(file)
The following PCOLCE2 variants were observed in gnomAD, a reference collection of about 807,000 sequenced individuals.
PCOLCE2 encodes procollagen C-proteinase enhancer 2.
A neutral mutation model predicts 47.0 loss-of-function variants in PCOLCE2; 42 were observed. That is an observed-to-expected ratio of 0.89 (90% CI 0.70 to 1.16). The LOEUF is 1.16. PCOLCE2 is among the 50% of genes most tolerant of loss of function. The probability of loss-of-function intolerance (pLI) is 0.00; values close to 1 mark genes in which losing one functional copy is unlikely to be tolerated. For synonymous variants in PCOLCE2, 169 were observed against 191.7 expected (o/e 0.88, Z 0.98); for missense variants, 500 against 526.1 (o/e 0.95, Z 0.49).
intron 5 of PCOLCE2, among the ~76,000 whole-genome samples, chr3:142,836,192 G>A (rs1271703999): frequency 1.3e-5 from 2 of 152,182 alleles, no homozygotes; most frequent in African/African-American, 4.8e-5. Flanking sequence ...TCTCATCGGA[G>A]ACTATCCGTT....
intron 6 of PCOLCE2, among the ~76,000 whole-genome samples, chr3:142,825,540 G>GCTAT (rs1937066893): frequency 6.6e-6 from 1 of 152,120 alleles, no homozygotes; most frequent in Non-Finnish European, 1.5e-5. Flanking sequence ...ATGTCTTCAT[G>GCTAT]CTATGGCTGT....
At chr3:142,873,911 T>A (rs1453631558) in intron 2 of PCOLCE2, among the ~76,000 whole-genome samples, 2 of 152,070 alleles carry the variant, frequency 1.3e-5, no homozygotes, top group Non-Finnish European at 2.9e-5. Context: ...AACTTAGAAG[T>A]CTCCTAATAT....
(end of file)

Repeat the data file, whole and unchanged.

The following PCOLCE2 variants were observed in gnomAD, a reference collection of about 807,000 sequenced individuals.
PCOLCE2 encodes procollagen C-proteinase enhancer 2.
A neutral mutation model predicts 47.0 loss-of-function variants in PCOLCE2; 42 were observed. That is an observed-to-expected ratio of 0.89 (90% CI 0.70 to 1.16). The LOEUF is 1.16. PCOLCE2 is among the 50% of genes most tolerant of loss of function. The probability of loss-of-function intolerance (pLI) is 0.00; values close to 1 mark genes in which losing one functional copy is unlikely to be tolerated. For synonymous variants in PCOLCE2, 169 were observed against 191.7 expected (o/e 0.88, Z 0.98); for missense variants, 500 against 526.1 (o/e 0.95, Z 0.49).
intron 5 of PCOLCE2, among the ~76,000 whole-genome samples, chr3:142,836,192 G>A (rs1271703999): frequency 1.3e-5 from 2 of 152,182 alleles, no homozygotes; most frequent in African/African-American, 4.8e-5. Flanking sequence ...TCTCATCGGA[G>A]ACTATCCGTT....
intron 6 of PCOLCE2, among the ~76,000 whole-genome samples, chr3:142,825,540 G>GCTAT (rs1937066893): frequency 6.6e-6 from 1 of 152,120 alleles, no homozygotes; most frequent in Non-Finnish European, 1.5e-5. Flanking sequence ...ATGTCTTCAT[G>GCTAT]CTATGGCTGT....
At chr3:142,873,911 T>A (rs1453631558) in intron 2 of PCOLCE2, among the ~76,000 whole-genome samples, 2 of 152,070 alleles carry the variant, frequency 1.3e-5, no homozygotes, top group Non-Finnish European at 2.9e-5. Context: ...AACTTAGAAG[T>A]CTCCTAATAT....